The news that the government has taken up projects of Tk 27.47 billion to digitize land records and services cannot be more comforting to hear. The update was disclosed by the top bureaucrat of the Ministry of Land at a function in Rangpur last Sunday. As claimed, land-related services will be brought to the people's doorsteps in a 'hassle-free manner' after the completion of the projects. As part of the projects, automation of land-related database will be achieved through one initiative, while land-survey will be completed by the other. Besides the government's own funding, the USAID and the UNDP are also there as partners.
In fact, over the last two decades various attempts have been made for e-governance, land digitisation being always in the frame of things. It is only now that a clear-cut picture is evolving; and whatever may have happened to the previous piecemeal initiatives, in terms of results, the latest projects should bring high hopes for fulfilment of a long-held dream. It no doubt brings in a sigh of relief for a vexing problem that came as a legacy of the colonial days. First, it will secure property rights. And then there are economists who taught us that there is a link between more secure property rights and higher economic growth.
The land administration chain is complex, though not remote from people involving divisional commissioners, deputy commissioners, additional deputy commissioners (revenue), revenue deputy collectors, upazila nirbahi officers (UNO), assistant commissioners (Land), kanoongos and union assistant land officers formerly known as tehsildars. The last one is about a 5000-strong force with an equal number of assistants. They oversee grass-root documentation as well as service-provision. Besides them, registrars, under the Ministry of Law, are also in the field. Nevertheless, the laborious and time-intensive records system always prove inefficient and costly. Besides, land-related problems are at the root of most court cases. That again is time-consuming and costly. It has been aptly pointed out that the prevalent system coupled with the predisposition of officials to delay or block the process push people towards informal arrangements. While a typical land transaction costs over a thousand taka and a wait for up to forty-five days, under a digitisation system, the figures would be Tk 80 and fifteen days respectively. There would be, as they say, fewer legal transactions and fewer bribes. Calculations have put the total direct benefit to nearly five hundred million takas annually. One taka spent would bring direct benefit worth three takas. Basing on estimates of property right impacts on GDP growth, experts predict that land digitisation would bring benefits of more than Tk 160 billion over the next 15 years, and possibly more than Tk 1.3 trillion by 2070. This means indirect benefits of Tk 616 for every taka spent over the long range.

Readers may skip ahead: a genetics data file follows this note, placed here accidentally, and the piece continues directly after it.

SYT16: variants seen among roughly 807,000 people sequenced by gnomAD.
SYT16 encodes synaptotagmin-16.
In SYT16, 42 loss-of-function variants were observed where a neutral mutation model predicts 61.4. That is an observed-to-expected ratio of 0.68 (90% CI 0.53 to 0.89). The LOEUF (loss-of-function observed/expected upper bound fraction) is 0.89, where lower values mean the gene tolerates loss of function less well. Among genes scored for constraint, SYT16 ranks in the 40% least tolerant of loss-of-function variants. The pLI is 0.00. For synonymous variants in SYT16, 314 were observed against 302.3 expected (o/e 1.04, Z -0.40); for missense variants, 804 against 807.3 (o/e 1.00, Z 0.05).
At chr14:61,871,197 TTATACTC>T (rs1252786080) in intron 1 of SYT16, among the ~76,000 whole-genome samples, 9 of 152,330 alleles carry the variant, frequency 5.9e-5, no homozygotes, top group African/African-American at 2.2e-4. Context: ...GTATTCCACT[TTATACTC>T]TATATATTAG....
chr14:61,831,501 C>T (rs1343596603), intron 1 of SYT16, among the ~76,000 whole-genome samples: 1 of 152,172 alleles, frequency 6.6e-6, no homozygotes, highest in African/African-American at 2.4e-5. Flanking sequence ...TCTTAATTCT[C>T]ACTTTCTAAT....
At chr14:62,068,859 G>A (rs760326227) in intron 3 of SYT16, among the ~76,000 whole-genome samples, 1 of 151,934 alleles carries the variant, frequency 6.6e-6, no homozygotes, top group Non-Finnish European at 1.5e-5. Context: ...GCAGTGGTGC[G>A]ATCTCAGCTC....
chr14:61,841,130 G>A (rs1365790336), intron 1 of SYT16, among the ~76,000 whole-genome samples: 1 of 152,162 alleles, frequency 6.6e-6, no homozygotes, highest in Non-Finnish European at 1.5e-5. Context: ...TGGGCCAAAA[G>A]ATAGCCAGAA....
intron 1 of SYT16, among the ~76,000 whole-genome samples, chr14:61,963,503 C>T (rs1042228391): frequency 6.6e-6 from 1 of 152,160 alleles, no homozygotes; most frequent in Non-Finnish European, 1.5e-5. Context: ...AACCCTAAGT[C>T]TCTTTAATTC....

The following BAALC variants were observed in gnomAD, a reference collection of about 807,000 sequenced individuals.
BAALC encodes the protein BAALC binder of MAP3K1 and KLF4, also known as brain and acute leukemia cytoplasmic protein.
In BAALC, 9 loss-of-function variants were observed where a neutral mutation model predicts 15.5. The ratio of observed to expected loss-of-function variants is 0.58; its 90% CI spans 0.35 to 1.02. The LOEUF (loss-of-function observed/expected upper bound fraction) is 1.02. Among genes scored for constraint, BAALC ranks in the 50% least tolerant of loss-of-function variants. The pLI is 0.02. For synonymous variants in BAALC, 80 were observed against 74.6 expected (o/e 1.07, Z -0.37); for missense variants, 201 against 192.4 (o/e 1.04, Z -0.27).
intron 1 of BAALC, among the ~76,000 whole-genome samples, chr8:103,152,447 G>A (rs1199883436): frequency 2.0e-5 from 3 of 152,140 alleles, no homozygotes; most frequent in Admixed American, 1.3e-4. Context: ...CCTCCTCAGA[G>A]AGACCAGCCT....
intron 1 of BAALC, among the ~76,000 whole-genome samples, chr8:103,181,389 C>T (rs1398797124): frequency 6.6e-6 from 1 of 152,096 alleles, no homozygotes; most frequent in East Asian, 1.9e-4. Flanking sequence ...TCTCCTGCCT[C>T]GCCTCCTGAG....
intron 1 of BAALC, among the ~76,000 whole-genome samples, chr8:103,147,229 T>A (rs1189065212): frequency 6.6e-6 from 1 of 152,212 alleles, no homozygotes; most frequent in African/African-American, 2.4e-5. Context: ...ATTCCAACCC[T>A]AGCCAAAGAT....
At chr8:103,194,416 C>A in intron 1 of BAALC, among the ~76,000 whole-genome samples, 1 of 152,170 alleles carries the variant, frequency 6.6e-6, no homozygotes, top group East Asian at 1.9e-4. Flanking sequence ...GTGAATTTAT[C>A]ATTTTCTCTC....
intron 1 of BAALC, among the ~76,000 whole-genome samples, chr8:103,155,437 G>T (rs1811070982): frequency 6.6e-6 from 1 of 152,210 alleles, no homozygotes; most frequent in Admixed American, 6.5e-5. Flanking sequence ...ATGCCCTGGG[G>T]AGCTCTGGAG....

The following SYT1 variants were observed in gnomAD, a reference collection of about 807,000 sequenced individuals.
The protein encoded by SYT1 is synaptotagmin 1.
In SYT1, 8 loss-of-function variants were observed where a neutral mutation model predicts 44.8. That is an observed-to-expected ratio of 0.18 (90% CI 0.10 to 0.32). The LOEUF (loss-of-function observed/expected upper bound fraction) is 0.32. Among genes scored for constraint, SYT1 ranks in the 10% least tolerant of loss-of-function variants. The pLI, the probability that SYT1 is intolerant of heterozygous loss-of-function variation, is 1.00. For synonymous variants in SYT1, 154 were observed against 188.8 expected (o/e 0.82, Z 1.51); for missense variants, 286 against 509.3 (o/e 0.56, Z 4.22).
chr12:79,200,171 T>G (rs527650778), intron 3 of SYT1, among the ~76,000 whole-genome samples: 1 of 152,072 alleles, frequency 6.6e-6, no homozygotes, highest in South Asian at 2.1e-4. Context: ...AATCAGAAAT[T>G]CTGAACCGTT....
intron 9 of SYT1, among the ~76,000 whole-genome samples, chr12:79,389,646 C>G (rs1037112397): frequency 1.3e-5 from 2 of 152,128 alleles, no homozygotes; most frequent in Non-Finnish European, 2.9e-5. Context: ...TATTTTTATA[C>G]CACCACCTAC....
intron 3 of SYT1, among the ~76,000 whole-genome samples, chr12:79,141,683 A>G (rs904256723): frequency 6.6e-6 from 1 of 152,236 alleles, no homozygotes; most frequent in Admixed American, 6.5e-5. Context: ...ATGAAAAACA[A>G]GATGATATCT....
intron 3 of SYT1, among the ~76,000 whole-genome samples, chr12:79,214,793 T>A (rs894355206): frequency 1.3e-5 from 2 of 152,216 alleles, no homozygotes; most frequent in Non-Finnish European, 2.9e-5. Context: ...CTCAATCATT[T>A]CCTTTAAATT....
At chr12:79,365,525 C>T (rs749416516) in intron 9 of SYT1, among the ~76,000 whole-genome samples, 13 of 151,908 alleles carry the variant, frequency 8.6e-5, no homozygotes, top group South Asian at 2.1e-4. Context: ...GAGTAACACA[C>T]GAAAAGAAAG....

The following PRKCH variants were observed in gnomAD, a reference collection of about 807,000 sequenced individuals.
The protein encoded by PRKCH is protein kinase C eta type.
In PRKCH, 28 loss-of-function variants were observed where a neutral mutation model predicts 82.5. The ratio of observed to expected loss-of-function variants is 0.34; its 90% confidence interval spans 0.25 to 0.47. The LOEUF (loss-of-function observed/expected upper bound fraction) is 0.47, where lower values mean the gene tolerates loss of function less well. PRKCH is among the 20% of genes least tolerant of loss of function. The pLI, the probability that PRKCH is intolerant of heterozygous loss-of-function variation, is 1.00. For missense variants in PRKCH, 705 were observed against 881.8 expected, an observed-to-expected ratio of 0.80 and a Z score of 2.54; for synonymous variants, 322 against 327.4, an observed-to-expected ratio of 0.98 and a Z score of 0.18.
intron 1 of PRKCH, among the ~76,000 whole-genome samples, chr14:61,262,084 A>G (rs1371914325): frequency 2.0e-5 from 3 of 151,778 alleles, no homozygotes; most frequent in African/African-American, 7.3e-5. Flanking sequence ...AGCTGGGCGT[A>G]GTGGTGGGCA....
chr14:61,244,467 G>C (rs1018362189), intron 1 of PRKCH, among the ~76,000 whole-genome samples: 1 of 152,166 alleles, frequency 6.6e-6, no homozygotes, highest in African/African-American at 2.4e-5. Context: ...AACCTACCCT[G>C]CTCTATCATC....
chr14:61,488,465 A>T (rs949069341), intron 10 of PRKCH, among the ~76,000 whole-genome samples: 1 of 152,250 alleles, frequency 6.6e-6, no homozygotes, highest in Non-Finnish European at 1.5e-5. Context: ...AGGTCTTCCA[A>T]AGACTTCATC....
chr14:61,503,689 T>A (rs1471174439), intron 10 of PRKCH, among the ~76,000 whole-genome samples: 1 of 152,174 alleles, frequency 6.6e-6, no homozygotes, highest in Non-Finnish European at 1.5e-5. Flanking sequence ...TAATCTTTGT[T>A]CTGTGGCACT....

One of the funniest of all issues found out by researchers and knowledgeable people is that there is "more land owned than actual land that exists". Any primary school student with simple tools of elementary arithmetic would find it unacceptable. Nonetheless, people have been living with it for years. Digitisation would be a right step in the direction to lay the truth bare. The denigration that has accrued to land administration including that of the registration department is proverbial. Land administration is not bereft of decent and efficient people but as one TIB report found out not many years ago, people's notion about it is indeed low. If digitisation can relieve the burden of this calumny to a large extent, besides securing property rights, that will be worth the money spent. We wish the projects undertaken for digitisation complete success.
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